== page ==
Beware: Business Email Compromise is Coming for You

business email compromise attack

Business email compromise is the costliest type of cybercrime, according to Fortune Magazine. A report from the FBI estimates that BEC scams were responsible for more than $2 billion of losses in 2021. That's a 33% increase over 2020.


What is Business Email Compromise?

Business Email Compromise (or BEC) is a type of cyberattack during which a hacker gains access to a legitimate email account and--by pretending to be the real owner of the email account--convinces someone to wire money to a bank account controlled by the hacker.

BEC scams are very easy to execute. Once a hacker takes control of a legitimate company email account, they look for opportunities to redirect funds. They target incoming or outgoing payments that are soon to be or are in the process of being transmitted. My company experienced this kind of cyberattack last year. A hacker gained access to our bookkeeper's email account and tricked a client into sending a $28,000 payment to the hacker's account.

This type of cyberattack happens so frequently that Fortune states:

"Crane Hassold, an expert on BEC scams and former cyber analyst with the FBI, has heard of federal prosecutors declining to take BEC cases unless several million dollars were stolen, a minimum threshold that speaks to how out of control the problem is. 'There’s so many of them they can’t possibly work them all,’ said Hassold, now director of threat intelligence at Abnormal Security."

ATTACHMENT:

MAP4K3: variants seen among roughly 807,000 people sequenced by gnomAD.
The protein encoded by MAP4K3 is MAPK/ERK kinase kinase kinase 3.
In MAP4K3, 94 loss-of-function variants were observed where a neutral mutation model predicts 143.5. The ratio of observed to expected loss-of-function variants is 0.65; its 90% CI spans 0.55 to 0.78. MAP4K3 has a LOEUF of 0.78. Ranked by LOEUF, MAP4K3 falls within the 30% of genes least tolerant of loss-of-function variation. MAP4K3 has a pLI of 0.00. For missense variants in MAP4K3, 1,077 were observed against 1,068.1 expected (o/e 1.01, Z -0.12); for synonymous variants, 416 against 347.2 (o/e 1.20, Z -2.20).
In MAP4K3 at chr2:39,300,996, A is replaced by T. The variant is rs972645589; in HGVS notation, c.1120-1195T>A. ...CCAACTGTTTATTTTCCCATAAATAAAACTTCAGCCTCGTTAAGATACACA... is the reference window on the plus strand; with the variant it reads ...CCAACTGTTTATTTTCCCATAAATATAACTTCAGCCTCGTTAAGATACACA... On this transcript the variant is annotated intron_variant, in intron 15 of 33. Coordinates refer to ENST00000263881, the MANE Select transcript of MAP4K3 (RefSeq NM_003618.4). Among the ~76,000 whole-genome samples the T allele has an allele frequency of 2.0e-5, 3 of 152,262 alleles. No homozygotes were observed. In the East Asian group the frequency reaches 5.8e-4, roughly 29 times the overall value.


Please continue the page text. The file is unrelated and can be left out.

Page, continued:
Tips to Protect Your Business from BEC Scams

  1. Strengthen your email protection: Require your employees to use strong passwords and multi-factor authentication (MFA).
  2. Train your employees: Provide cybersecurity training for your employees to ensure that they are aware of BEC scams and other cyber risks. Training will also help them to understand and practice good cyber hygiene.
  3. Establish protocols: Make sure that your employees know what kinds of funds transfer requests they can expect via email and from whom. Set protocols that require that they verify through more than one means that the email sender is who they purport. For example, require that they call the individual using an already established telephone number.


Tools to Help Protect Your Business from BEC Scams

Take action now to protect your business or you are likely to regret it later. Take advantage of these free tools to help you get started:

Learn more about protecting your business from hackers and a range of other risks in Twelve-Minute Risk Management. Available on and

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